Here's what I'm currently using to build new things

Templates vs. boilerplates vs. tools

It can be overwhelming to start building software, especially with so many hipster developer frameworks out there. Since this site grades me on time and revenue, my process begins with identifying the technical needs of the product and then building a re-usable boilerplate "launch starter" that handles the basic workings of the app (these starters are available to our community members).

When I decide to test an idea, I first figure out whether the project needs to be coded or could be built much faster without it. Far too many developers jump into their comfort zone in a code editor without first thinking about what the project requirements actually are. For around 60% of my projects, I opt for a code-free approach. As code-free tools are now getting more powerful, here’s part of my thinking for deciding if code is needed:

  • Have I thoroughly tested the idea with a landing page or through conversations with my email list? If not, always code-free first.
  • Does the app rely heavily on third-party data/APIs? If so, better to code it.
  • Does the app require a native mobile experience? If so, code.
  • Is speed and performance critical to user adoption? If not, go code-free (this is subjective, but for real-time apps, I turn to Javascript)


For simple web apps, mockups, and prototypes, I use the following:

  • Bubble: When I need to get a project done in a weekend, I always turn to Bubble. While it has a bit of a learning curve, it’s the most flexible and powerful code-free tool out there. An app on Bubble has it’s own hosted database, workflows and design panel, although getting nice-looking, responsive design is a little tricky with it.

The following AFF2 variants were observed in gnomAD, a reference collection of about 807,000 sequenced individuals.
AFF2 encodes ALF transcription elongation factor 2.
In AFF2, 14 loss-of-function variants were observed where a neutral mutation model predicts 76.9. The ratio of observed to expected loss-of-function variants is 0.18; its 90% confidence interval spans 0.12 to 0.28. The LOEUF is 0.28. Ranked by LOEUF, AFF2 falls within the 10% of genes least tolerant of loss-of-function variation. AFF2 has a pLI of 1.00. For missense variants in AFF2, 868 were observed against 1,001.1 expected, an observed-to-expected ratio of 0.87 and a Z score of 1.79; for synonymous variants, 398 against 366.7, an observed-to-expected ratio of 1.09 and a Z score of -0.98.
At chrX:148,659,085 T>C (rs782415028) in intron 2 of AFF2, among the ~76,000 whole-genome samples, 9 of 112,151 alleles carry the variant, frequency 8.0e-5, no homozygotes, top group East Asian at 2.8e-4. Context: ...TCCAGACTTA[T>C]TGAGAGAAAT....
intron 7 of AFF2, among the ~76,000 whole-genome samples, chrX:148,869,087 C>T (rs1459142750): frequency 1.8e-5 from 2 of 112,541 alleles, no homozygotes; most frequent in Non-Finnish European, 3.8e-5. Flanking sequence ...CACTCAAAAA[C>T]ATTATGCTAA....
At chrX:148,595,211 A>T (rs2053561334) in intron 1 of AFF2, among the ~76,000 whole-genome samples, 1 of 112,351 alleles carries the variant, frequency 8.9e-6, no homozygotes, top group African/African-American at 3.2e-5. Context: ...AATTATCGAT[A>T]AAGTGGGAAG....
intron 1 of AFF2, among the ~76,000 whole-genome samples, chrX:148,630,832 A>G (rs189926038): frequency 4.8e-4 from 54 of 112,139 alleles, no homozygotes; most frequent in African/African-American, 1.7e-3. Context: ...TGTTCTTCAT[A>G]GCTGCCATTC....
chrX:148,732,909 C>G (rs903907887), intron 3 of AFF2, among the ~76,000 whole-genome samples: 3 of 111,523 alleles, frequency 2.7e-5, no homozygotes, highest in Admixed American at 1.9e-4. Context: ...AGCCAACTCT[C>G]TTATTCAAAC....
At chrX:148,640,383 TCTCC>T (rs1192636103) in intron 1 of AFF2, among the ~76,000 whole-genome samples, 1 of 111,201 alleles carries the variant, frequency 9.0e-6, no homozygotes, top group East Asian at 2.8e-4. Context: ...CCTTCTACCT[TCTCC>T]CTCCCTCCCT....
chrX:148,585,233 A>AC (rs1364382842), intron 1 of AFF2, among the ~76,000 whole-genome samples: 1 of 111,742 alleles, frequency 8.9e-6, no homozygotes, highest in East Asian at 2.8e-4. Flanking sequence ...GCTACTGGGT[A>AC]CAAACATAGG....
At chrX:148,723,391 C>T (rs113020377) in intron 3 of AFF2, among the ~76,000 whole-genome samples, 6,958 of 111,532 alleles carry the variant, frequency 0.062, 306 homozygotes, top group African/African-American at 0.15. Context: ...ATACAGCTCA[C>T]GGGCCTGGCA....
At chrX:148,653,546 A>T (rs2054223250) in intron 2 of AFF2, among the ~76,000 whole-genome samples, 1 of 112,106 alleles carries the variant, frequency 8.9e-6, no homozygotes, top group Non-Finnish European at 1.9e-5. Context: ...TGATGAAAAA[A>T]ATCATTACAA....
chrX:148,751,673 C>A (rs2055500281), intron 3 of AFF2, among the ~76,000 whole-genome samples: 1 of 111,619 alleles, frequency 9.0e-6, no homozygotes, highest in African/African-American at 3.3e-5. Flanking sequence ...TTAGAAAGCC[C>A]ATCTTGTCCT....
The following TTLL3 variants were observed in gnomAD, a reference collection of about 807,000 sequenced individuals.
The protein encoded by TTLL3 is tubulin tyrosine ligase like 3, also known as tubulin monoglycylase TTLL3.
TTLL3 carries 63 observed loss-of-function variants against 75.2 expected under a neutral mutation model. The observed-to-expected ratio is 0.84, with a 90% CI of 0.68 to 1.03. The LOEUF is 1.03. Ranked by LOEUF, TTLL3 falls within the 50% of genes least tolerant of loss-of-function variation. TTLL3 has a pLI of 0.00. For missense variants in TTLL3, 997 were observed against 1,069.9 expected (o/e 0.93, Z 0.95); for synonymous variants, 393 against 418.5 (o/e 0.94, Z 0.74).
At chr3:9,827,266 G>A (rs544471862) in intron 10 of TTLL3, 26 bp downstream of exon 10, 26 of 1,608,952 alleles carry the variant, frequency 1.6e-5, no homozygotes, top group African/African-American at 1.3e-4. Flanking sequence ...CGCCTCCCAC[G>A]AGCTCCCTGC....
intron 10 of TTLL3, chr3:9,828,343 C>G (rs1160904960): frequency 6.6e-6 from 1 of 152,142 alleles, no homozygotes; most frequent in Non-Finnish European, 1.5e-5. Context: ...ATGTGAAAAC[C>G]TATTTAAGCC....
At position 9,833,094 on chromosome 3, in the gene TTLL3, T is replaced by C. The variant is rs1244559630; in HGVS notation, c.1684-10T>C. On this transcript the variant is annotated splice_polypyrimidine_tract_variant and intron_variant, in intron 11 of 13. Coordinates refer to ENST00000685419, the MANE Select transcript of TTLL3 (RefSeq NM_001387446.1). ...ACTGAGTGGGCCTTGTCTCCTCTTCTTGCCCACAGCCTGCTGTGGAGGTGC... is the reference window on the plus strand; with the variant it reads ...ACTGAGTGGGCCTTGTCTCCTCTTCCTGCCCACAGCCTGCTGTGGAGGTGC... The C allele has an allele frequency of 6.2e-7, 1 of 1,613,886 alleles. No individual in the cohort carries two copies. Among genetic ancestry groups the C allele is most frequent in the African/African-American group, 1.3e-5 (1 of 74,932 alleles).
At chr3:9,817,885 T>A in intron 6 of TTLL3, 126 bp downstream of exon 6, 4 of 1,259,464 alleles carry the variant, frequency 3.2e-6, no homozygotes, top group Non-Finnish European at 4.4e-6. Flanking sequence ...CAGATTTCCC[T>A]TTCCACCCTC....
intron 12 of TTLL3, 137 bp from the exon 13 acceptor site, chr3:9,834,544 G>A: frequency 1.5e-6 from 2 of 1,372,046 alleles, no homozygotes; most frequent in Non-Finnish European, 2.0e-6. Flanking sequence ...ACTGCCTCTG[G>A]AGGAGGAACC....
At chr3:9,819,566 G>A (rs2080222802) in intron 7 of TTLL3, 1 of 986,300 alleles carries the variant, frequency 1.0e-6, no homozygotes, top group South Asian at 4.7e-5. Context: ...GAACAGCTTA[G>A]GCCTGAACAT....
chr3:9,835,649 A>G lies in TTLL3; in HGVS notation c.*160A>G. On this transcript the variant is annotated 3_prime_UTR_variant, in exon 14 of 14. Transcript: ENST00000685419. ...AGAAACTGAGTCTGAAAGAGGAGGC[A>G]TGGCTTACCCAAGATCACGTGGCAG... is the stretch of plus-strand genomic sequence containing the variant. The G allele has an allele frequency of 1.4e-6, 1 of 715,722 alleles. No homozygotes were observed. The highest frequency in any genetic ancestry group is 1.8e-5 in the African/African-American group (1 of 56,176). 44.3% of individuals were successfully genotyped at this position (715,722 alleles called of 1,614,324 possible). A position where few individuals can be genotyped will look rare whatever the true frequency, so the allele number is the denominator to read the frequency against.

• Carrd: when I need a well-designed landing page, Caard is the best tool for the job. It integrates with forms and even payments, making it an excellent option for quick static launch pages to collect payments/pre-orders. If you need more functionality or want to display database entries, Airtable has become a powerful tool with its ability to collect form data and embed databases on a website. With two Carrd pages linked by Airtable, you could take in form data and display it in the next. This approach is limited, but if you’re looking to validate your idea, the simpler, the better.
  • Other tools that are part of my workflow: Dropsource, Thunkable, Webflow


When testing out an idea requires complex app logic, heavy use of a third-party API/CMS, or needs to be lightning fast, I turn to these tools to build:

  • Create React App: For single page apps or any application where server-side rendering is overkill, I turn to CRA. It's the fastest way to start coding in React, and if your app outgrows the boilerplate, you can safely eject from the framework to further customize.
  • Next.js: The perfect Javascript framework that gets out of your way when you need it to, but simplifies some of the sticking points for getting a project out the door (Webpack, Babel, etc.). Next harnesses the power of server-side rendering and automatic code-splitting to keep your page loading speed blazing fast and the Google gods appeased.
  • Gastby (What this site uses): For static sites with CMS backends, Gatsby is amazing. Page speed and a rich plugin ecosystem are its two biggest pros, and the cons list is shrinking by the day. Gatsby's source plugins are also a great way to get familiar with GraphQL and concepts like lazy loading for images.
  • Netlify: As a hosting service, it’s a no-brainer. It links up to a Github project for continuous deployment and has a great deploy preview feature for those fun times your local testing goes awry. Recently with the addition of Lambda functions (what powers the judging tool on this site), less and less server-side code is needed.
  • Other random tools in my development framework: styled-components, VS Code, Travis CI, Apollo Client